In this case, I think the rather over-worked Whistleresque composition of this prose does more-or-less work, actually: the, once again, over-emphatic colours are carefully placed in that description. Because this is Kitty deliberately presenting herself this way. By presenting herself as Chris's bride-to-be rather than his wife she hopes to restart his memory along the lines of their actual wedded life.

Then there is Jenny, who is the narrator, and therefore who ‘tells’ us everything, although she does not tell Chris, or us, what is obvious: that she is in love with him. And finally there is Margaret who, though old, plain and poor, is styled by the text as the most heterosexually-desirable woman in the trio. Chris's desire for Margaret, and his obliviousness to the other two, is the unbalance that the novel restores to balance via the intervention of the doctor. Yet another thing The Return of the Soldier unsettles in my head is whether, or to what extent, we might want to read Kitty and Jenny as a queer couple.

I  think the bottom line is: I'm not sure I'm convinced of the truth of all this, artistically or psychologically: but perhaps all I mean is that I'm not sure it is saying anything very cogent about war. But maybe it's a mistake to read it that way. Take it, rather, and against its own grain, as a symbolist drama of love as truth and truth as a radical unforgetting. There's something quite intriguing about the possibilities of that (and, as it happens, I elaborate some of those possibilities at some length, here).

Gordon N Ray's H G Wells and Rebecca West (Yale University Press 1974), a biographical study written with the assistance of West herself, proposes a straightforward biographical reading of The Return of the Soldier. According to Ray, Kitty is West's version of Jane Wells, ‘that false goddess, the Virgin Mother, the nonsexual woman to whom she as the sexual woman was being sacrificed. She felt that Wells, all unknowingly, was being split and destroyed by his divided allegiance to two women and two families’—that is to Jane Wells and her two sons on the one hand, and to Rebecca West and her one on the other. [Ray, 86] West made no secret of the fact that she wanted Wells to divorce his wife and marry her.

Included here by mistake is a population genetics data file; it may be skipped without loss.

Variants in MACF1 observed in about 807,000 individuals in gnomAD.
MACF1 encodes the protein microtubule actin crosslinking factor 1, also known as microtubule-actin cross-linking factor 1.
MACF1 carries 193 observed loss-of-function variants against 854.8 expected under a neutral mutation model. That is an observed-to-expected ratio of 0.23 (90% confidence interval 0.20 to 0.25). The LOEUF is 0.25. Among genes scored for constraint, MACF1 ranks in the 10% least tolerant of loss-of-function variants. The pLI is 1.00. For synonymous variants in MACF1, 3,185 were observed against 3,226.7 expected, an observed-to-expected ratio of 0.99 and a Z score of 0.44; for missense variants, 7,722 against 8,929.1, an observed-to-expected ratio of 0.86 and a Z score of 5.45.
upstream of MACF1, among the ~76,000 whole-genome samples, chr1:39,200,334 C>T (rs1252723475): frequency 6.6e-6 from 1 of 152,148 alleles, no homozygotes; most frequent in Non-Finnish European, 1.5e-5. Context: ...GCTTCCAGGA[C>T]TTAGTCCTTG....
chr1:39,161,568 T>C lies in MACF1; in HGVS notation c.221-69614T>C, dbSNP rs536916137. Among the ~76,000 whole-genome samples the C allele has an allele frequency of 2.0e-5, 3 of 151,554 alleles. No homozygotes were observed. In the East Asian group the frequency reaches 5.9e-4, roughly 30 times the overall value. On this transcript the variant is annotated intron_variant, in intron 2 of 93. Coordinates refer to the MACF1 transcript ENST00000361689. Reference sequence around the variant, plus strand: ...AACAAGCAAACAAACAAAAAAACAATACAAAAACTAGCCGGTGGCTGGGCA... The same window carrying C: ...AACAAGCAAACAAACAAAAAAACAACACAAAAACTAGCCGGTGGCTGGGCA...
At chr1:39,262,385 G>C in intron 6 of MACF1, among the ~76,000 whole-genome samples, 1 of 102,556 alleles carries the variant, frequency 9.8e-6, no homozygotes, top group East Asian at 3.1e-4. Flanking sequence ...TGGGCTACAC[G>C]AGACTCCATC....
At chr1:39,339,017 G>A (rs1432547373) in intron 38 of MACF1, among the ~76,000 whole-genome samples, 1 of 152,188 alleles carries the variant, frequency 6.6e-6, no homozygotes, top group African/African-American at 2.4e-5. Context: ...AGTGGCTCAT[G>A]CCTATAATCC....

In this reading, the story loses contact with the war altogether, and the decision taken by its two main female characters ‘that Chris must be cured’—because (in Ray's words) ‘a mature man cannot live perpetually in a fantasy world without becoming a pathetic oddball’ [Ray, 91]—becomes about Wells's infantile personality, or adolescent attachment to sex as such, or perhaps says something about his writing. Ray scrupulously adds a footnote in which Rebecca West herself pooh-poohs his theorising:
I should note that Dame Rebecca explicitly disavows [this] interpretation of her novel. She wrote to me on 14 July 1971: ... ‘Kitty is not at all my idea of Jane, who was remarkably pretty even in to her middle years, but she was much more of the Establishment. Jane had no look of accustomed luxury, though she had another kind of charm, and she had also a look of determination which was amusing on some one who was so faint in colour and so immobile. The original of Kitty was a woman I met only once, when someone took me to a house said to be the original of the house Galsworthy describes as being built by Bosinney for Soames in the Forsyte Saga.’ [Ray, 201-02]
Ray doesn't say so, but presumably this means Kitty was based on Galsworthy's Irene Soames, who in turn was based on Ada Nemesis Pearson Cooper (1864–1956).